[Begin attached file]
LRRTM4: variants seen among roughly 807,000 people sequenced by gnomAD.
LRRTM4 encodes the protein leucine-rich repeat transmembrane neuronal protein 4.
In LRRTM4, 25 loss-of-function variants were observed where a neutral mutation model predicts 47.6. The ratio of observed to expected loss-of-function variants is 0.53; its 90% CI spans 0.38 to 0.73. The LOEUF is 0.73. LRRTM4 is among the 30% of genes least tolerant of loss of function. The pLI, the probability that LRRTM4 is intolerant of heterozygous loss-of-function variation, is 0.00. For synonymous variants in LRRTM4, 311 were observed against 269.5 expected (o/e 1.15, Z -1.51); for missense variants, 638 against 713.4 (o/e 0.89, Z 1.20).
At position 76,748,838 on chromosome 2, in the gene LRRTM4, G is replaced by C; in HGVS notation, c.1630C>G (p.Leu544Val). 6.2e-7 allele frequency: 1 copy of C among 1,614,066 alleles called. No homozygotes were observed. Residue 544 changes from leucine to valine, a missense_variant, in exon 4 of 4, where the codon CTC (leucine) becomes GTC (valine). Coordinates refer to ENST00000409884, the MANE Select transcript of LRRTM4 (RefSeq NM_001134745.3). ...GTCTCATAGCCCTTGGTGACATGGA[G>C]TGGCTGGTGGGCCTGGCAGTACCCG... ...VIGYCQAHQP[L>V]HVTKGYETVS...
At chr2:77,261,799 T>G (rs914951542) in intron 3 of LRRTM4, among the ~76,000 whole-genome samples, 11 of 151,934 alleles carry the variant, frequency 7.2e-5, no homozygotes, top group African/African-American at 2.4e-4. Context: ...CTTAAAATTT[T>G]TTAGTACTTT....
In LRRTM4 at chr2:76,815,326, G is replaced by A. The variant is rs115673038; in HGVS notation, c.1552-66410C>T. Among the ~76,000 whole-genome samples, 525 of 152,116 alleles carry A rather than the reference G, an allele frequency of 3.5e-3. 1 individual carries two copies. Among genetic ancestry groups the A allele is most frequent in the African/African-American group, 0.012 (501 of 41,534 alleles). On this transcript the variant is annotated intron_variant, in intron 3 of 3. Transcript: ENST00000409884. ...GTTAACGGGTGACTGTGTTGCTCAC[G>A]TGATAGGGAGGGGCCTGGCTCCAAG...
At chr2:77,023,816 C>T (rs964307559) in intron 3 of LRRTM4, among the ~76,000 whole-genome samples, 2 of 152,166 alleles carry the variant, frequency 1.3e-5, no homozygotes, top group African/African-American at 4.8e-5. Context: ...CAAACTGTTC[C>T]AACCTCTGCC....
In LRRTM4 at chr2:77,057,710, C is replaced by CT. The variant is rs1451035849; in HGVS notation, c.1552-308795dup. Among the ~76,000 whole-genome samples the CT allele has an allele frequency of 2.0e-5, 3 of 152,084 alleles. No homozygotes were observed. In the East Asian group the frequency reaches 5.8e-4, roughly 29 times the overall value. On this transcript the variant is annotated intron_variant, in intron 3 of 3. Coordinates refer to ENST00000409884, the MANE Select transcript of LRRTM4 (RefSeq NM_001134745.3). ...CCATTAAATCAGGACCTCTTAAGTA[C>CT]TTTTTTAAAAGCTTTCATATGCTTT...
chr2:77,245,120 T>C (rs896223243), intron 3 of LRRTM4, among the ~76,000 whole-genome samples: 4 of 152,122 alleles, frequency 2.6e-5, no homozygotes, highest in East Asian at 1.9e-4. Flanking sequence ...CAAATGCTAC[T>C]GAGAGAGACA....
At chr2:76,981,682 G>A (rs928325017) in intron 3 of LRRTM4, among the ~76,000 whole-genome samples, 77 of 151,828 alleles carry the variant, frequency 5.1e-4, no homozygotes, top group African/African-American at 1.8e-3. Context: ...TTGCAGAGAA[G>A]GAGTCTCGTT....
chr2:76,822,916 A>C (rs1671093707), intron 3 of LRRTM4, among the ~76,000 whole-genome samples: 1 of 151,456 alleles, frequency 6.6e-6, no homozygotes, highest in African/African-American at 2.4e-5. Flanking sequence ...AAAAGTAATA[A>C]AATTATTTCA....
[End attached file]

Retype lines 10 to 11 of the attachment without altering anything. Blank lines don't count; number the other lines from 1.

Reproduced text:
At chr2:76,981,682 G>A (rs928325017) in intron 3 of LRRTM4, among the ~76,000 whole-genome samples, 77 of 151,828 alleles carry the variant, frequency 5.1e-4, no homozygotes, top group African/African-American at 1.8e-3. Context: ...TTGCAGAGAA[G>A]GAGTCTCGTT....
chr2:76,822,916 A>C (rs1671093707), intron 3 of LRRTM4, among the ~76,000 whole-genome samples: 1 of 151,456 alleles, frequency 6.6e-6, no homozygotes, highest in African/African-American at 2.4e-5. Flanking sequence ...AAAAGTAATA[A>C]AATTATTTCA....